How to Buy Foreclosures

How to Buy Foreclosures

What Exactly is Foreclosure?

The term “foreclosure” refers to any method of enforcing payment of the debt secured by a mortgage by taking and selling the estate. All rights of the homeowner covered by a mortgage are terminated. Foreclosure is a process in which the estate becomes the absolute property of the lending institution.

Foreclosure numbers are growing daily. Of the one hundred twenty or so million homes in America, more than 4% or roughly 4.8 million of them are facing foreclosure. Some of these homeowners are able to work their way out of foreclosure. However, according to Mortgage Bankers Association, there were about 500,000 homes that went through foreclosure last year.

Foreclosure proceedings typically start with a formal demand for payment which is usually a letter issued from the lender. This letter of notice is referred to as a Notice of Default. Depending on your state, the lender will issue this notice when the homeowner has been 3 months delinquent on the mortgage payments. It is a notice of intent to sell the property, terminate all the borrower’s rights in that property and evict the borrower from the premises.

You have up to three opportunities to buy foreclosed properties:

  • From the owner in foreclosure (pre-forclosure)
  • At the auction (forclosure sale); and, if the property doesn’t sell,
  • From the lender who ends up with it

For the forclosure buyer, these are each entirely different scenarios from an operational standpoint. There is a strong tendency to favor one method over another in your business initially, although experienced investors eventually may use all three. If you are new to buying foreclosures, you’ll probably start by buying directly from the owner. In each scenario, the keys to your success are organization and persistence.

Pre-Foreclosure

The goal of buying pre-foreclosures is to create a situation where everyone wins. This type of strategy involves just you, the homeowner, and possibly the lender. Because the homeowners have been delinquent on their mortgage payments, they have motivation to entertain offers made by investors. While you may not be the only investor looking at this property, when buying pre-foreclosures you can usually expect little competition.

When buying pre-foreclosures for the purpose of reselling them at a profit, you must do some research on these properties. Here are some basic guidelines:

  1. Locate loans in default.
  2. Evaluate each property by comparing and contrasting location, price and property condition.
  3. Narrow your selections to a few.
  4. Inspect the properties.
  5. Determine the property owner’s needs, motivation and flexibility.
  6. Determine the market value of the property, fix-up costs, potential sales price and profit.
  7. Arrange default work out by negotiating with the owner and the lender.
  8. Close on the property, fix it up, and flip it quickly.

Since the vast majority of foreclosures are single-family residences, most of the owners can be found at home.  There are several philosophies about how best to reach owners.  The most obvious is the telephone – if it’s listed and if it’s still connected. Knocking on doors is probably your least efficient way to reach owners, however some professionals will tell you it is the best method of all. For some reason, owners in foreclosure are rarely home.

Generally, your most efficient method will be a letter writing campaign targeted at a handful of properties at any given time. A letter is virtually guaranteed to reach the owner. Keep in mind that it may take numerous letters before you attract the attention of an owner in foreclosure. It may take up to 6 or 8 letters for each owner before they’re convinced you’re serious and can be helpful.  Results are highly likely if you mail consistently. Every month, a number of people will contact you asking if you can assist them.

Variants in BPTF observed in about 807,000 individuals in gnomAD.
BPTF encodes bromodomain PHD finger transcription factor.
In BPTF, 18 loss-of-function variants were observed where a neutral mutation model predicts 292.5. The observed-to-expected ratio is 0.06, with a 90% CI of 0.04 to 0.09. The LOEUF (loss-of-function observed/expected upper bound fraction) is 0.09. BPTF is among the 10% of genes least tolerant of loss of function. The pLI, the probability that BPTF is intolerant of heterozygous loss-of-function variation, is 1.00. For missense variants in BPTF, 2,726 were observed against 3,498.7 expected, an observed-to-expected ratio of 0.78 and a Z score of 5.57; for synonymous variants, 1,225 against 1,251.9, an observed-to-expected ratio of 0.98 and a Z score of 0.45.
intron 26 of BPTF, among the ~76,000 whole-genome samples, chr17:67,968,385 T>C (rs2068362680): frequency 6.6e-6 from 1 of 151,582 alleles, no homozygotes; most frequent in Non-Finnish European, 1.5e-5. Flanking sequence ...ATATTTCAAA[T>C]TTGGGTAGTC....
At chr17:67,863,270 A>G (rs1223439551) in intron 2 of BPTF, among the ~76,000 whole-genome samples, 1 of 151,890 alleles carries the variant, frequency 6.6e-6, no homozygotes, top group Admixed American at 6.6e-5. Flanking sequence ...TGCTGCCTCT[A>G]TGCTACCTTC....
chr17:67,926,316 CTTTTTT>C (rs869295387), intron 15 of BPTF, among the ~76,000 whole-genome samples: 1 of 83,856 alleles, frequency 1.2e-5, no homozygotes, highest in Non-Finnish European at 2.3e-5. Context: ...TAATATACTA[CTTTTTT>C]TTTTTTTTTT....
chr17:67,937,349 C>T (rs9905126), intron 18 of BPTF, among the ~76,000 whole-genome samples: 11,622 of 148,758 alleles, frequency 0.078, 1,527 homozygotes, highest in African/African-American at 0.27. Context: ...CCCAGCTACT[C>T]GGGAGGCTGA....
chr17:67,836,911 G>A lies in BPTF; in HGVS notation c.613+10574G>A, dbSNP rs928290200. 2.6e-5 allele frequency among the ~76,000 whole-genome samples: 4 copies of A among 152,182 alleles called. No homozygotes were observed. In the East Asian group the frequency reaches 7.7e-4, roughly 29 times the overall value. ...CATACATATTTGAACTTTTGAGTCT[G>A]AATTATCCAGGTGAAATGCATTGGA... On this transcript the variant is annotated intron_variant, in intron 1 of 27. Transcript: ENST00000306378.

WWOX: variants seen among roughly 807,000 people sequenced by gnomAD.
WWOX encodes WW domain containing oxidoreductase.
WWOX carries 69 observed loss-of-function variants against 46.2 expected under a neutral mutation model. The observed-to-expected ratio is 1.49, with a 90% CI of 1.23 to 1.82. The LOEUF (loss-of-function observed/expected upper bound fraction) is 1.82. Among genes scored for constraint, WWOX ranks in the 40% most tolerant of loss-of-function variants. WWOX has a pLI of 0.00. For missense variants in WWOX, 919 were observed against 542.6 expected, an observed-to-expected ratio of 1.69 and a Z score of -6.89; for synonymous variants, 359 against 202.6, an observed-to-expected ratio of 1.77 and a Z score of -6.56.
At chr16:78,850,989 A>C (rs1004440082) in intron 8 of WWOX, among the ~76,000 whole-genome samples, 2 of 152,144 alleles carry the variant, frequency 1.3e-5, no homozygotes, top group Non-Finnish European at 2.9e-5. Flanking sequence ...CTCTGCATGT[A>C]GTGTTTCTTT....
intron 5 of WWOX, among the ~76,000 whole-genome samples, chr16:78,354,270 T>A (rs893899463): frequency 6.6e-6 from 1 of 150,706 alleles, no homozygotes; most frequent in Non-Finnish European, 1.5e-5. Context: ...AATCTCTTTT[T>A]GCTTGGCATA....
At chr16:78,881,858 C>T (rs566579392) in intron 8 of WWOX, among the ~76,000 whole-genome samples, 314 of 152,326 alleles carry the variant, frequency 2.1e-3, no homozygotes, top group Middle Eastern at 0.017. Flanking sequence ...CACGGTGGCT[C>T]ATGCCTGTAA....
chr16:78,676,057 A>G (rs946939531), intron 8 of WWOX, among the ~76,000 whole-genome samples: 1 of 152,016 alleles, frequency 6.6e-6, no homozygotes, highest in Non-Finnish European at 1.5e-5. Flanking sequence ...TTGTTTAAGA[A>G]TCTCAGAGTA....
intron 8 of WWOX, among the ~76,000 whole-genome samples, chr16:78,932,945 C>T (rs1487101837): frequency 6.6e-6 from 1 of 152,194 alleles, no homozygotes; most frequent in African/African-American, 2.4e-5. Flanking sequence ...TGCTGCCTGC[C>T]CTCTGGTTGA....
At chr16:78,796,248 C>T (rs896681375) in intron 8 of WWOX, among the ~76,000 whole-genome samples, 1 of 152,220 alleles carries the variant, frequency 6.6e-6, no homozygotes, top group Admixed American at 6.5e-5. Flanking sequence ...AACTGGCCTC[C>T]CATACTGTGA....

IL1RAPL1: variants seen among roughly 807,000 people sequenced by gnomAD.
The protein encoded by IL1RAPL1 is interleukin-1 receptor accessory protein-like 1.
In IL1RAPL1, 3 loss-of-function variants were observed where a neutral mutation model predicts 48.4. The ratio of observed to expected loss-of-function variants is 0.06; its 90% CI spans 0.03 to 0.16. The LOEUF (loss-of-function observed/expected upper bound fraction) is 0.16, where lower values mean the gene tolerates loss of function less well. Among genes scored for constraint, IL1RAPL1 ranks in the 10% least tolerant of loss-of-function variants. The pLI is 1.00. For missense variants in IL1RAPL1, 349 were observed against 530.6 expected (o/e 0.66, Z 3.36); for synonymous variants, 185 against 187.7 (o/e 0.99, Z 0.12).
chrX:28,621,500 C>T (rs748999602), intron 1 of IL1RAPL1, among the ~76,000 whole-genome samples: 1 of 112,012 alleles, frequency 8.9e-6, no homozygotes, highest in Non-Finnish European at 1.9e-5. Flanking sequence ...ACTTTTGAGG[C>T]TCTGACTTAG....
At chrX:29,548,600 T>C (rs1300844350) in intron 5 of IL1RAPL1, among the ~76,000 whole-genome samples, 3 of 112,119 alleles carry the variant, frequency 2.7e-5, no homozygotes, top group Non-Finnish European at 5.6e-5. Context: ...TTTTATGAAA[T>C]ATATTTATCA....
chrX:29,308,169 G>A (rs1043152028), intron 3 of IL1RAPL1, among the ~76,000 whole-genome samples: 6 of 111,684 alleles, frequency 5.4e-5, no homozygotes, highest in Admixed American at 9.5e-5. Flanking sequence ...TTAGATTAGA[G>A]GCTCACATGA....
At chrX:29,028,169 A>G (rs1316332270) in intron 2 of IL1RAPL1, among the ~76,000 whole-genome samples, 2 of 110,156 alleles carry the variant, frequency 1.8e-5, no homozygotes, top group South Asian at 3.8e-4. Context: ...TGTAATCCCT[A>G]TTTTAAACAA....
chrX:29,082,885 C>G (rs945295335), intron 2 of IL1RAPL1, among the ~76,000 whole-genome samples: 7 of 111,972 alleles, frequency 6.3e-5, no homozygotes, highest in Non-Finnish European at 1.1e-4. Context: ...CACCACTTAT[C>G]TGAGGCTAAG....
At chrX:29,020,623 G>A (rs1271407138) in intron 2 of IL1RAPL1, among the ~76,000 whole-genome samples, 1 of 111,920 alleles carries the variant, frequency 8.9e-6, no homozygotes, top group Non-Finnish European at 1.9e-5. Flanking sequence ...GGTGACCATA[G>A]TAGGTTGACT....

Experience has shown that a low key approach, whether in person or by mail, is most effective.  Letting the person know you occasionally buy foreclosures and that you may be able to help them after evaluating their situation is really the essence of your communication with them. Although you don’t say it, try to convey the impression that you are a non-professional.

Your goal is to have a meeting in which you can discuss their problem and how to resolve it.  The usual approach is to offer a sum of money in addition to paying the existing arrearages.  You must leave significant profit for yourself and the best way to explain this is that if you take over the mortgage, pay the owner money, fix up the property for sale, and wait for it to sell, you have to receive a profit for your efforts and risk. Your ultimate goal, of course, is to pay the owner the smallest amount of money possible for his equity.  Unless you receive this profit, you should move on to other properties.  

But what if there is no equity? The way to make money with properties that have no equity is through a short sale with the lender, paying them off at an amount lower than the existing balance. In a hot retail market this is extremely difficult because the lender has no motivation to reduce their loan.  But in a soft market, some lenders may be interested in receiving a lower sum and walking away from the foreclosure.

Remember, foreclosures usually take about six months and this can cause the lender significant loss due to property neglect.  Lenders incur large expenses to repair and sell properties.  You will also need the cooperation of the buyer in a short sale and normally he will receive nothing except relief from the foreclosure.  But for many, this is enough because of the extreme pressure they have been under.

Buying Foreclosures at Auction

If no one is successful in buying a property from the owner in foreclosure, it will go to sale.  You need cash to participate in foreclosure sales, although many investors use a combination of their own capital and a line of credit.  The day before the sale, they borrow the amount they believe they will need.  If they don’t use the money they return it to the lender or use it for the next sale.

Buying foreclosures at the auction is an effective way to purchase property at less than market value. Most properties are auctioned on the courthouse steps. The property is auctioned off to the public and the highest bidder walks away with the property. This can be very rewarding to those who are in a position to buy the property within a short amount of time and can be disasterous to those who bid without proper financing in place.